This opinion will be unpublished and
may not be cited except as provided by
Minn. Stat. §480A.08, subd. 3 (1998).
STATE OF MINNESOTA
IN COURT OF APPEALS
Linda G. Wynn,
Commissioner of Human Services,
Filed September 5, 2000
Affirmed; motion granted
Minnesota Department of Human Services
File No. R01
Linda G. Wynn, 129 West Main Street, Waconia, MN 55387 (pro se relator)
Mike Hatch, Attorney General, William H. Mondale, Assistant Attorney General, 900 NCL Tower, 445 Minnesota Street, St. Paul, MN 55101-2127 (for respondent)
Considered and decided by Lansing, Presiding Judge, Schumacher, Judge, and Klaphake, Judge.
U N P U B L I S H E D O P I N I O N
Linda G. Wynn appeals by writ of certiorari from the Commissioner of Human Services’ decision to disqualify her from a position that allowed direct contact with adults served by an adult foster-care program licensed by the Minnesota Department of Human Services (MDHS). Wynn challenges the evidentiary basis for the commissioner’s determination. Because the evidence provides a substantial basis for the commissioner’s determination, we affirm.
In 1999, Lynda Wynn worked at an adult foster-care home licensed by the Minnesota Department of Human Services. The home served three disabled adults, one of whom was mentally retarded and had been a victim of physical violence and emotional abuse. In June 1999, Carver County Community Social Services (CCCSS) disqualified Wynn pursuant to Minn. Stat. § 245A.04, subd. 3d (1998), from working at the home. CCCSS based its disqualification on the Carver County Sheriff’s log, which contained 180 entries involving Wynn. Six of these entries resulted from offenses CCCSS considered to be disqualifying offenses.
Wynn asked CCCSS to reconsider its decision, claiming that the information on which CCCSS relied was incorrect. Because Wynn’s timely reconsideration request challenged the accuracy of county records, CCCSS referred the request to the Minnesota Commissioner of Human Services for a “correctness review.”
In July 1999, the commissioner invited Wynn and the county to submit additional evidence and argument. The commissioner rejected five of the offenses on which CCCSS relied as inconclusive or outside the disqualification period. But the commissioner upheld the disqualification, nonetheless, based on harassing conduct that occurred in 1998.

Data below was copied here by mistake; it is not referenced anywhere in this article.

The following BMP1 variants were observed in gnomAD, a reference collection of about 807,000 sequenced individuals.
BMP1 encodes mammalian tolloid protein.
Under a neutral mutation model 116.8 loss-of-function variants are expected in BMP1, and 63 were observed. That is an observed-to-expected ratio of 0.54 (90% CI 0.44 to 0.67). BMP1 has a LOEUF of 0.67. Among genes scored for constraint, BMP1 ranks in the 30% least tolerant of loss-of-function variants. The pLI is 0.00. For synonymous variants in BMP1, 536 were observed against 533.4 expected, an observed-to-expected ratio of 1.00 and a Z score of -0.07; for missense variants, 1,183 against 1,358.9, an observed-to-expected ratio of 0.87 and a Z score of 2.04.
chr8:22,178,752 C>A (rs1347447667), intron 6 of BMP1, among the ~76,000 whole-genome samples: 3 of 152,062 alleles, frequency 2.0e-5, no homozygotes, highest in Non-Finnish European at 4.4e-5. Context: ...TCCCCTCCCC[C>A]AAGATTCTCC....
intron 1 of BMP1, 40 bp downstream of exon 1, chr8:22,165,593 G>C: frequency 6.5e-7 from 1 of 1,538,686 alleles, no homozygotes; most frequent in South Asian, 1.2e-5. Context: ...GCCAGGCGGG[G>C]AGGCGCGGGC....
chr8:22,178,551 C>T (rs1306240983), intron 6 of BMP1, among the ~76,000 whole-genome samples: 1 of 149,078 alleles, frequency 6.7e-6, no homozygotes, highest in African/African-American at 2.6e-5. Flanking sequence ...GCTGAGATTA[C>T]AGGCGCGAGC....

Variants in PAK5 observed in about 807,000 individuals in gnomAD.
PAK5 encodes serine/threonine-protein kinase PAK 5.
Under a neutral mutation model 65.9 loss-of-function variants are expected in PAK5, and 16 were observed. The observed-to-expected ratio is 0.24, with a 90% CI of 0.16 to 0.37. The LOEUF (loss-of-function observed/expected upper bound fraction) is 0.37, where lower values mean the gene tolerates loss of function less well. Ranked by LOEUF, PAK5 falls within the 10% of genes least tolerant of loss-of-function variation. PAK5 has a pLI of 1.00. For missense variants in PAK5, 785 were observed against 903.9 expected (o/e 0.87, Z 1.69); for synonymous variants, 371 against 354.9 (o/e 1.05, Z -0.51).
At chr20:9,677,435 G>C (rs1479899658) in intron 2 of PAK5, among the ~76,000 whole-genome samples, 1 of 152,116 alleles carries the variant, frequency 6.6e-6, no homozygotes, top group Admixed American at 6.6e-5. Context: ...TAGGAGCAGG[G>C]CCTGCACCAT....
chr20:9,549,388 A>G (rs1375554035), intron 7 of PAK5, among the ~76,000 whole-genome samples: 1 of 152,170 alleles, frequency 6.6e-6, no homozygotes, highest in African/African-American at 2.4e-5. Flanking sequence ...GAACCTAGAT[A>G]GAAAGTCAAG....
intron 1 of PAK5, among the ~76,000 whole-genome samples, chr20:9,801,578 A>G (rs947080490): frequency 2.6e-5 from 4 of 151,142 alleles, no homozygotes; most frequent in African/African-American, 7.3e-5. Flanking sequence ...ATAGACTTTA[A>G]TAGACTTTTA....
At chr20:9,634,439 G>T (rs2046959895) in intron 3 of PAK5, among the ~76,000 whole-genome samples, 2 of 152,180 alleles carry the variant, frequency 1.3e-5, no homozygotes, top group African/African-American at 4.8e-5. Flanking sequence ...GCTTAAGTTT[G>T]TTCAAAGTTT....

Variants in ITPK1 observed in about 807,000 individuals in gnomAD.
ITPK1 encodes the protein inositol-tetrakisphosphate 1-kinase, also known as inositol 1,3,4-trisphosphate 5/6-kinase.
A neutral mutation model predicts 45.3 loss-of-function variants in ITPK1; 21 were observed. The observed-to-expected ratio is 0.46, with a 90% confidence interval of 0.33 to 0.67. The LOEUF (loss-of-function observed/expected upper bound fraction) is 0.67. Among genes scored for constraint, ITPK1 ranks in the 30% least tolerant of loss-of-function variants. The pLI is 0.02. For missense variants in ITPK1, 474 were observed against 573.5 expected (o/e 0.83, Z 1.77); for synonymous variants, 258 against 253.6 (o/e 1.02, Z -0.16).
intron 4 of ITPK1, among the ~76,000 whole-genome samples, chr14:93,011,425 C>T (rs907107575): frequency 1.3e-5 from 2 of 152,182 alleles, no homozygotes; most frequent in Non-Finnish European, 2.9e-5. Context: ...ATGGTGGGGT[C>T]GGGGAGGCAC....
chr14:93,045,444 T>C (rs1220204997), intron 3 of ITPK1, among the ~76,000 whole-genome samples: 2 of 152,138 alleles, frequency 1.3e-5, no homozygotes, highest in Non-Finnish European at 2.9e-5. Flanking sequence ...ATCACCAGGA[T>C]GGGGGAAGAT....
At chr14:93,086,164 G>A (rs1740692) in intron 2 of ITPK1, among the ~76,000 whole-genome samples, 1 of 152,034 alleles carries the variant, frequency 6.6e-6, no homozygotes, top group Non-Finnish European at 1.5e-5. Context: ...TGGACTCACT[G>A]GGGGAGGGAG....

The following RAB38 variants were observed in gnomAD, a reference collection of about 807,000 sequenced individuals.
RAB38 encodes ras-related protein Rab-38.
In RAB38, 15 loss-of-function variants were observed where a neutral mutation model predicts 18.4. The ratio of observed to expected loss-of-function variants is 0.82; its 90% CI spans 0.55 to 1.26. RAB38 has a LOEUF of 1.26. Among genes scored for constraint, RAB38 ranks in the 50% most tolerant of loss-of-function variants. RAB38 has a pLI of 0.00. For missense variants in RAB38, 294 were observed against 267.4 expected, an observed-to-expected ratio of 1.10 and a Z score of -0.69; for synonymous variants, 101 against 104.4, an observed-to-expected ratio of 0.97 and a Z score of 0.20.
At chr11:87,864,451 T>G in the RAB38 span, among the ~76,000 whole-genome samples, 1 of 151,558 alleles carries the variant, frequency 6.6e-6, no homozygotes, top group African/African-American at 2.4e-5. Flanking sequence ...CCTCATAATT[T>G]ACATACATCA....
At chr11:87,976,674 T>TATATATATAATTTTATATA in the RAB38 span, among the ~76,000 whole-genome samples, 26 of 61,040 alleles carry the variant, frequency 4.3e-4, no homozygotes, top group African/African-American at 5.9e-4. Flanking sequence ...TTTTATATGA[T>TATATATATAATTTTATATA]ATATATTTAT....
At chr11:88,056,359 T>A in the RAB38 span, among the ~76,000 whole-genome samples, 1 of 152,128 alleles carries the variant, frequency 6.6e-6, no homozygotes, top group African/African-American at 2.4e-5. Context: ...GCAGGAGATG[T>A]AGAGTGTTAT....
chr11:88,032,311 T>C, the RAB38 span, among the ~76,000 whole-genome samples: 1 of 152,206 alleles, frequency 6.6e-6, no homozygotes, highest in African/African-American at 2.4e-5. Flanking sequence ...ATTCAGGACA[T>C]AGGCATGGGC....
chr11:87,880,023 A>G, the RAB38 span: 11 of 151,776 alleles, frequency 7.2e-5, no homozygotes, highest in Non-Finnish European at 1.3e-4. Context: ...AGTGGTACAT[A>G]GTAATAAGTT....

The evidence showed that Wynn’s oldest daughter had filed a complaint in January 1998, in response to two harassing letters she received from her mother through the mail. In the first letter, Wynn implicitly threatened to let her neighbors know that her daughter had assisted the police with a drug-related raid that resulted in the removal of the neighbors’ child from the home. Wynn also noted that drug-enforcement agents would not believe her daughter after they found out that she was using and supplying drugs. In the second letter, Wynn complained about her daughter’s boyfriend and accused her daughter both of being an informant and of selling drugs. Wynn also chastised her daughter for not taking care of her son and for being involved with the wrong people.
Wynn argued to the commissioner that she wrote the letters out of concern for her daughter and her grandson and noted that the harassment charges had been dismissed. The commissioner, nonetheless, denied Wynn’s reconsideration motion, concluding that the record supported a finding that Wynn had violated Minn. Stat. § 609.795 (1998) by sending her daughter more than one letter intended to distress or harass her. In this appeal, Wynn challenges only whether the evidence provides a substantial basis for the commissioner’s determination.
The Human Services Licensing Act, Minn. Stat. §§ 245A.01-.16 (1998 and Supp. 1999), requires the Commissioner of Human Services to license an individual or an organization wishing to operate a residential or nonresidential program. Minn. Stat. § 245A.03, subd. 1. Before issuing a license, the commissioner must conduct a background study of the applicant and of employees of the applicant who will have direct contact with persons served by the licensed program. Minn. Stat. § 254A.04, subd. 3(c)(3). When a background study shows that (a) an employee has been convicted of or has admitted to one or more of the crimes listed in the licensing act, or (b) a preponderance of the evidence indicates that the employee committed one or more of those crimes, the commissioner must disqualify the individual from any direct-contact position. Minn. Stat. § 245A.04, subd. 3d.
Under subdivision 3d(4), an individual who has violated Minn. Stat. § 609.795 (1998) by repeatedly delivering letters with the intent to abuse, disturb, or cause distress must be disqualified from licensure if “less than seven years have passed since the discharge of the sentence imposed for the offense [ ] and the individual has received a misdemeanor conviction.” Minn. Stat. § 245A.04, subd. 3d(4). Subdivisions 3d(1)-(3) set the disqualification criteria for felonies and gross misdemeanors and, like subdivision 3d(4), measure the disqualification period from the discharge of the sentence imposed upon conviction. Minn. Stat. § 245A.04, subds. 3d(1)-(3).